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Let A be the matrix \[A=\left[\begin{matrix}1 & -2\\ -2 &4\end{matrix}\right]\] decide all the 2x2 matrices B such that AB=BA=0, where 0 is the zeromatrix

Mathematics
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\[\left[\begin{matrix}1 & -2 \\ -2 & 4\end{matrix}\right]\left[\begin{matrix}a &b \\ b & c\end{matrix}\right]=\left[\begin{matrix}0 &0 \\ 0& 0\end{matrix}\right]\] \[\left[\begin{matrix}a & b \\ c & d\end{matrix}\right]\left[\begin{matrix}1 &-2\\ -2 & 4\end{matrix}\right]=\left[\begin{matrix}0 & 0\\ 0 &0\end{matrix}\right]\] So all I can figure is that for AB=BA=0 B can be\[B=A ^{-1}=\left[\begin{matrix}4 & 2 \\ 2 & 1\end{matrix}\right]\]
But is there any other solution than the inverse?
I guess it could be \[\left[\begin{matrix}1 & -2 \\ -2 & 4\end{matrix}\right]\left[\begin{matrix}0 & 0 \\ 0& 0\end{matrix}\right]=\left[\begin{matrix}0 & 0 \\ 0& 0\end{matrix}\right]\] \[\left[\begin{matrix}0 & 0 \\ 0& 0\end{matrix}\right]\left[\begin{matrix}1 & -2 \\ -2 & 4\end{matrix}\right]=\left[\begin{matrix}0 & 0 \\ 0& 0\end{matrix}\right]\] but so the two solutions for AB=BA=0 should be B=A^-1 and B=0, am I right?

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Other answers:

\(A\) is not invertable...so how can \(B=A^{-1}\)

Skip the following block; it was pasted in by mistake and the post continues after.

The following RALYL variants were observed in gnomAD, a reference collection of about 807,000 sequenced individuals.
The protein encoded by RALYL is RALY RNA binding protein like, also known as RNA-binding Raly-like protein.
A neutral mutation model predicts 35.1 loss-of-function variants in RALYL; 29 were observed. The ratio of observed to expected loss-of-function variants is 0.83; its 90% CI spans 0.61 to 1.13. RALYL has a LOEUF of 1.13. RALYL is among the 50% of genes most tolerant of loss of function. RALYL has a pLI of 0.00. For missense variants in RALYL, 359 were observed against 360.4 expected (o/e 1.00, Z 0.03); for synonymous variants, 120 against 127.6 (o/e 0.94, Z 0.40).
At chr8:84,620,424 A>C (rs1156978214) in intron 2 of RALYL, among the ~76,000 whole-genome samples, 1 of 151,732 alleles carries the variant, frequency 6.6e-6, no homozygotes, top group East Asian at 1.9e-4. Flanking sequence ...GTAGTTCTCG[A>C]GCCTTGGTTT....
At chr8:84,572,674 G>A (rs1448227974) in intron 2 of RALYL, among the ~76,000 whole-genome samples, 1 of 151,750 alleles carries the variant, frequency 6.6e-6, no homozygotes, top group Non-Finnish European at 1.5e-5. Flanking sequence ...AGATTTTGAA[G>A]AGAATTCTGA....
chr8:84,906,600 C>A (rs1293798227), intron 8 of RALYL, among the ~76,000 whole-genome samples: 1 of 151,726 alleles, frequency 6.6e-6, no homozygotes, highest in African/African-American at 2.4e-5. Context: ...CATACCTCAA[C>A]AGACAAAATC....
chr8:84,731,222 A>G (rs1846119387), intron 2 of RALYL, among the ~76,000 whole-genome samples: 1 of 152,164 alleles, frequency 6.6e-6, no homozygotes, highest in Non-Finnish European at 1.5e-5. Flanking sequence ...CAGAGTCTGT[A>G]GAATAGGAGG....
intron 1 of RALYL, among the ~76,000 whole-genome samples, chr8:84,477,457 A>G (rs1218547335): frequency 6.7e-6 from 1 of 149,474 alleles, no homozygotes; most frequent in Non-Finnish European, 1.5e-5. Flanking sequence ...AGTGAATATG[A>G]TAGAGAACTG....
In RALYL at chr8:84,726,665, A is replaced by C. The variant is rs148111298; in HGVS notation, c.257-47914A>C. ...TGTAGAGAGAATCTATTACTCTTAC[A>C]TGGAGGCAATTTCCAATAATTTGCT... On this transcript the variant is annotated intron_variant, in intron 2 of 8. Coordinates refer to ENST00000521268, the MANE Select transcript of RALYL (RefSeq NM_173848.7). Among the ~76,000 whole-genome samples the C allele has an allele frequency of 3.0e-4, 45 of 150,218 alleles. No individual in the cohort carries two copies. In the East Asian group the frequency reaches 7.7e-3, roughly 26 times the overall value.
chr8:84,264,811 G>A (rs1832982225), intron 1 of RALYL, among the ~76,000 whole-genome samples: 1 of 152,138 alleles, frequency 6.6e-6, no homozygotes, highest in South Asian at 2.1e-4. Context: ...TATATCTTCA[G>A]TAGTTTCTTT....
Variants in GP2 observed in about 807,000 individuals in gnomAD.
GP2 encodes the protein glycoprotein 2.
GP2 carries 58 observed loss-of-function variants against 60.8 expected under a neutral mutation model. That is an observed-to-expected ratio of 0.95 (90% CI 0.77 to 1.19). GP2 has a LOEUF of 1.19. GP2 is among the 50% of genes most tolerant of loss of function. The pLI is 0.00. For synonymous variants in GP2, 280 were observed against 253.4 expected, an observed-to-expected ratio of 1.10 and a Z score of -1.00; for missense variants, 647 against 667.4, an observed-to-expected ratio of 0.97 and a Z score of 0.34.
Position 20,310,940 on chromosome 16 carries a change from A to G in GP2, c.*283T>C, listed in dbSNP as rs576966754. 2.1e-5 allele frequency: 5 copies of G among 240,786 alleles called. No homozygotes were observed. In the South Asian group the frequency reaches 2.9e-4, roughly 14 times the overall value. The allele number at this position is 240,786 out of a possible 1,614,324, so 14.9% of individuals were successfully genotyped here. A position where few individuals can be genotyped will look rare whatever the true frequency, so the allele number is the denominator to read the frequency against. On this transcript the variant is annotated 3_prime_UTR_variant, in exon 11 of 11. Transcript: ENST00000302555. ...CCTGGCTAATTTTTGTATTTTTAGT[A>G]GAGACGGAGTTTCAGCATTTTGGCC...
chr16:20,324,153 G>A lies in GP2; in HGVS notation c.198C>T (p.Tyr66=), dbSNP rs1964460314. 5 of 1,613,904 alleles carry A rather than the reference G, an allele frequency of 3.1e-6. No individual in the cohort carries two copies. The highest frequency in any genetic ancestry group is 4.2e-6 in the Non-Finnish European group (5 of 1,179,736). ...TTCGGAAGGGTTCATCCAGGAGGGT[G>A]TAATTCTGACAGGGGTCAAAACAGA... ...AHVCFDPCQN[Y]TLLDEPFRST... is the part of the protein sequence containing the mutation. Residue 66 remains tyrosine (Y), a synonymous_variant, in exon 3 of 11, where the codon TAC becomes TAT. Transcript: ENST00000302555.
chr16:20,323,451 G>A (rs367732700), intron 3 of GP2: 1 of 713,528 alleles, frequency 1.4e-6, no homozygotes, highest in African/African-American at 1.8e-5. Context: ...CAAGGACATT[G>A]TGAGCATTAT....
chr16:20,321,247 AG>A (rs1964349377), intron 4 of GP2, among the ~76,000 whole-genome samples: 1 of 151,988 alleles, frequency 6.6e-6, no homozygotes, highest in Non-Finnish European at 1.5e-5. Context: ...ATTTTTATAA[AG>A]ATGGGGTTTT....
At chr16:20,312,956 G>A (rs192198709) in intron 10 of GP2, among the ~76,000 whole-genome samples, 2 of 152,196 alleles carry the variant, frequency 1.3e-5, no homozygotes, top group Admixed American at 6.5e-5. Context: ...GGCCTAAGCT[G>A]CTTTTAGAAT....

It's not I guess, A is not invertable if AX=0 is the definition I remember right now, is that right?
\(Det(A)=0\) so \(A^{-1}\) does not exist
Ok, but is there any other solution than B equals the zerovector?
yes..there are infinitly many solutions
you have 2 of the solutions
So how do I show that it has infinity many solutions?
show that \(B=\left[\begin{matrix}4 & 2 \\ 2 & 1\end{matrix}\right]\) is a solution
then \(B\cdot t\) is a solution for all real numbers \(t\)
So B can be the same as what the inverse of A would have been if it existed?
it is not really the same
remember you have to divide by the det(A) for the shortcut way to find the inverse
Oh I get it, it can't be the inverse since the definition says that A^-1*A=I isn't that right?
I= Identity matrix
yes
Thank you for your help! :)
np

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